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July 2015

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Alberta Election Rocks Canada

"Death of a Dynasty." That's how Maclean's Magazine described the May election in Alberta that brought down almost 44 years of governance by the province's Progressive Conservatives, a party that's somewhat less right wing than Alberta native and federal Prime Minister Steven Harper's Conservative Party of Canada.

Fed up with the arrogance of a conservative leadership that blamed citizens for its own failings, voters turned to the New Democratic Party, strongly supported by organized labour, and premier Rachel Notley to lead the province, home to the oil sands energy boom.

A recently initiated Edmonton Local 424 apprentice, 23-year-old Jon Carson, was elected to the provincial legislature as part of the New Democratic wave. Newly elected members of the legislative assembly include an increased number of women and more closely represent the demographics of Alberta, where the average age is between 36 and 37 years.

"This will be a new and better Alberta," says Local 424 Business Agent Ken MacKenzie. The conservatives, says MacKenzie, were friends of big oil and big business and had initiated the most anti-labour legislation in Canada.

In 2010, only a last-minute push by labour activists helped narrowly defeat a resolution at a Progressive Conservative convention that would have endorsed giving workers covered by a collective bargaining agreement the option of opting out of paying union dues, the equivalent of right-to-work legislation in the U.S.

The Tories have close ties with anti-union construction contractors and have passed legislation that gives employers a 90-day window to pressure workers into giving up their union once they have voted to join.

"We've been waging a defensive battle for too long. Now, finally, we have a government that we can work with, a government that will listen to working Albertans," MacKenzie said.

Local 424 represents more than 8,000 members, many of whom work in the oil sands region.

The local's political action committee endorsed 15 candidates and staffed phone banks to contact members in 11 provincial electoral constituencies, urging them to get out and vote. All but one of the endorsed candidates won election.

"Now that vote of frustration with the Conservative government needs to be turned into active support for the government. We wanted a more participatory democracy and now we have that opportunity," MacKenzie says.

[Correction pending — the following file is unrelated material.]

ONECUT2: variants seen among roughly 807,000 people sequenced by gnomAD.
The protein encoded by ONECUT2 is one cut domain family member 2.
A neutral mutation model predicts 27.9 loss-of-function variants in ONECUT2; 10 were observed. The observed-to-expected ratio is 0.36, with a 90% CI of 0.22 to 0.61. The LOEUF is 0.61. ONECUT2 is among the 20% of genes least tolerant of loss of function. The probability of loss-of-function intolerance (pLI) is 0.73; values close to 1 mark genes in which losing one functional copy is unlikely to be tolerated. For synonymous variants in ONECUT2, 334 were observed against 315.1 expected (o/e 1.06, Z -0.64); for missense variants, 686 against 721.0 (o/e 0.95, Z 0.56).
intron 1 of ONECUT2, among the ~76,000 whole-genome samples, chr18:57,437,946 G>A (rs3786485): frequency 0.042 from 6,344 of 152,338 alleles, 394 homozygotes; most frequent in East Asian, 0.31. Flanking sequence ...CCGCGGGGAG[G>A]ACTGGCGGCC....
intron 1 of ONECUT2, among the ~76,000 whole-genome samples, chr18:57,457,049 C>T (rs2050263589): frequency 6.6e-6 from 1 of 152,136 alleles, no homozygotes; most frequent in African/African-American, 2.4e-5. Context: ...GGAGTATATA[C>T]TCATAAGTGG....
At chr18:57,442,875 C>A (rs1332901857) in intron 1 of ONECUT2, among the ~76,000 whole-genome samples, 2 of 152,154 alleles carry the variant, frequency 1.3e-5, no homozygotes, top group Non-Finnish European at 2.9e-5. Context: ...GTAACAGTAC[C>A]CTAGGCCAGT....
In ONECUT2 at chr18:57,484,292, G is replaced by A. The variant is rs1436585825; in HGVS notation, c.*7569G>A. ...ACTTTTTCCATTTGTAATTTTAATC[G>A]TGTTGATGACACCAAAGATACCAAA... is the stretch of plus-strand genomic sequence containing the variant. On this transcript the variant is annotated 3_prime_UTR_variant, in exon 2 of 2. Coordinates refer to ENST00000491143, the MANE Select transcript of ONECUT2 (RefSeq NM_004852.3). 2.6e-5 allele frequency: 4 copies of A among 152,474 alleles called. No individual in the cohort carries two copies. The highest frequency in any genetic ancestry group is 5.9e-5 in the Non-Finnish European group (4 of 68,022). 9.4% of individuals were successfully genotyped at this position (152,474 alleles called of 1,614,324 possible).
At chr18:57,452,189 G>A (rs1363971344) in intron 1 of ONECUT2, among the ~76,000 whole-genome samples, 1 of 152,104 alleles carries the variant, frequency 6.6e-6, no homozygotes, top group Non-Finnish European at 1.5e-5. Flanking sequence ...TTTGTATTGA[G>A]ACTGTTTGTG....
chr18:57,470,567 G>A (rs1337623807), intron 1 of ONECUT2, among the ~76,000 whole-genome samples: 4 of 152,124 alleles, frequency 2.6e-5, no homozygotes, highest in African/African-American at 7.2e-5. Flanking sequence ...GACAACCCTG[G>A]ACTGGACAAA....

The local only just revived its political action committee in March and is looking to make new gains in federal elections in October, assisted by an all-out effort by the First District office and the Canadian Labour Congress.

While many members support the agenda of the New Democrats, says MacKenzie, most voters wanted to dump the Tories, led by Premier Jim Prentice who, when asked during a debate to explain the province's debt, despite the huge revenues of big oil companies, said, "In terms of who is responsible, we all need only look in the mirror."

Notley, the new premier, is not expected to declare "war" on the oil companies, says MacKenzie. But, with support from across the province and "the push from working Albertans," he says, Notley can use the electoral mandate to win a fairer deal and more cooperation from the energy sector to help the province meet its needs.

The new provincial NDP MLAs also include two activists from the United Food and Commercial Workers.

"This election shows there's a place for progressive politics anywhere," says Chris O'Halloran, Canadian national representative of the UFCW, representing 30,000 members from retail clerks on the oil patch to others in slaughterhouses, private schools and assisted living facilities.

"You have to look at opportunities and allies and the partnerships you need to build," O'Halloran said. "When you have a good plan, a solid idea and a solid platform, you can win a public that has an appetite for change to support a new agenda."

The UFCW, says O'Halloran, decided five years ago to become more fully engaged in politics, fielding members for office in NDP party organizations and selecting candidates who would run for public office. One member, Chris Nielson, was selected to run for parliament. The union's strategists expected that Nielson might lose the first time, but would have won enough recognition to be elected four years later. "You need a lot of time to knock on doors and build relationships," says O'Halloran. Instead, Nielson was elected in the NDP wave.

"I congratulate our members and leaders in Alberta for fully engaging in the political process and turning back labour's adversaries," says International President Lonnie R. Stephenson. "The lessons of political activism are important south of the 49th parallel where, for instance, the state of Texas has been under conservative rule for only half as long as Alberta. Grassroots politics works."